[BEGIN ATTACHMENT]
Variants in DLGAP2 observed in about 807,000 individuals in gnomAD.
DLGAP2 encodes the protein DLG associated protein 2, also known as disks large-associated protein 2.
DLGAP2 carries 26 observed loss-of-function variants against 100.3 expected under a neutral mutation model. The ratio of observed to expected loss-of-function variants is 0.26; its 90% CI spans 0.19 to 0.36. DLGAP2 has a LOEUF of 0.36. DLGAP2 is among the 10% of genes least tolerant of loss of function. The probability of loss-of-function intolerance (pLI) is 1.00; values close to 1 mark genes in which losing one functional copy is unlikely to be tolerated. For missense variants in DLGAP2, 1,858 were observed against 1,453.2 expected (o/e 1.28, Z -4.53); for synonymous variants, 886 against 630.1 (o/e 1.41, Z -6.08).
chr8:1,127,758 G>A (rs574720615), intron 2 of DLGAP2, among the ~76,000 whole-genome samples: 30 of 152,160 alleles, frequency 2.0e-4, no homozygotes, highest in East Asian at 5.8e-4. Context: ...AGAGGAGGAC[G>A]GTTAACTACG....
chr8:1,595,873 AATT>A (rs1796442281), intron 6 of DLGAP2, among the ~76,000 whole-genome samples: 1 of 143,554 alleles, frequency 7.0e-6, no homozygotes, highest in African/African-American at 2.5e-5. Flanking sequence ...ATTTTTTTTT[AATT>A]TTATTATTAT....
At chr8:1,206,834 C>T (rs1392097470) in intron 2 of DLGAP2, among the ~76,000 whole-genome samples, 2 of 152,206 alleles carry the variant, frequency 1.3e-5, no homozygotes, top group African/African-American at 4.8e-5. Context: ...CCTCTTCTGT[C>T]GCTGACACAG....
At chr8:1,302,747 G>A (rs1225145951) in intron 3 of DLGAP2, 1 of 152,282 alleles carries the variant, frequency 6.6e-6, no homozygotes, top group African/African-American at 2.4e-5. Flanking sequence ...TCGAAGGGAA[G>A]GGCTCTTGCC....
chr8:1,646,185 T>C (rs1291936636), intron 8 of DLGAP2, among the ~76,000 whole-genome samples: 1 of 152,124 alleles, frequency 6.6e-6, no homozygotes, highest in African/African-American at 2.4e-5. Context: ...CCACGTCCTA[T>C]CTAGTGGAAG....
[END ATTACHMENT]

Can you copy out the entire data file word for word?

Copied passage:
Variants in DLGAP2 observed in about 807,000 individuals in gnomAD.
DLGAP2 encodes the protein DLG associated protein 2, also known as disks large-associated protein 2.
DLGAP2 carries 26 observed loss-of-function variants against 100.3 expected under a neutral mutation model. The ratio of observed to expected loss-of-function variants is 0.26; its 90% CI spans 0.19 to 0.36. DLGAP2 has a LOEUF of 0.36. DLGAP2 is among the 10% of genes least tolerant of loss of function. The probability of loss-of-function intolerance (pLI) is 1.00; values close to 1 mark genes in which losing one functional copy is unlikely to be tolerated. For missense variants in DLGAP2, 1,858 were observed against 1,453.2 expected (o/e 1.28, Z -4.53); for synonymous variants, 886 against 630.1 (o/e 1.41, Z -6.08).
chr8:1,127,758 G>A (rs574720615), intron 2 of DLGAP2, among the ~76,000 whole-genome samples: 30 of 152,160 alleles, frequency 2.0e-4, no homozygotes, highest in East Asian at 5.8e-4. Context: ...AGAGGAGGAC[G>A]GTTAACTACG....
chr8:1,595,873 AATT>A (rs1796442281), intron 6 of DLGAP2, among the ~76,000 whole-genome samples: 1 of 143,554 alleles, frequency 7.0e-6, no homozygotes, highest in African/African-American at 2.5e-5. Flanking sequence ...ATTTTTTTTT[AATT>A]TTATTATTAT....
At chr8:1,206,834 C>T (rs1392097470) in intron 2 of DLGAP2, among the ~76,000 whole-genome samples, 2 of 152,206 alleles carry the variant, frequency 1.3e-5, no homozygotes, top group African/African-American at 4.8e-5. Context: ...CCTCTTCTGT[C>T]GCTGACACAG....
At chr8:1,302,747 G>A (rs1225145951) in intron 3 of DLGAP2, 1 of 152,282 alleles carries the variant, frequency 6.6e-6, no homozygotes, top group African/African-American at 2.4e-5. Flanking sequence ...TCGAAGGGAA[G>A]GGCTCTTGCC....
chr8:1,646,185 T>C (rs1291936636), intron 8 of DLGAP2, among the ~76,000 whole-genome samples: 1 of 152,124 alleles, frequency 6.6e-6, no homozygotes, highest in African/African-American at 2.4e-5. Context: ...CCACGTCCTA[T>C]CTAGTGGAAG....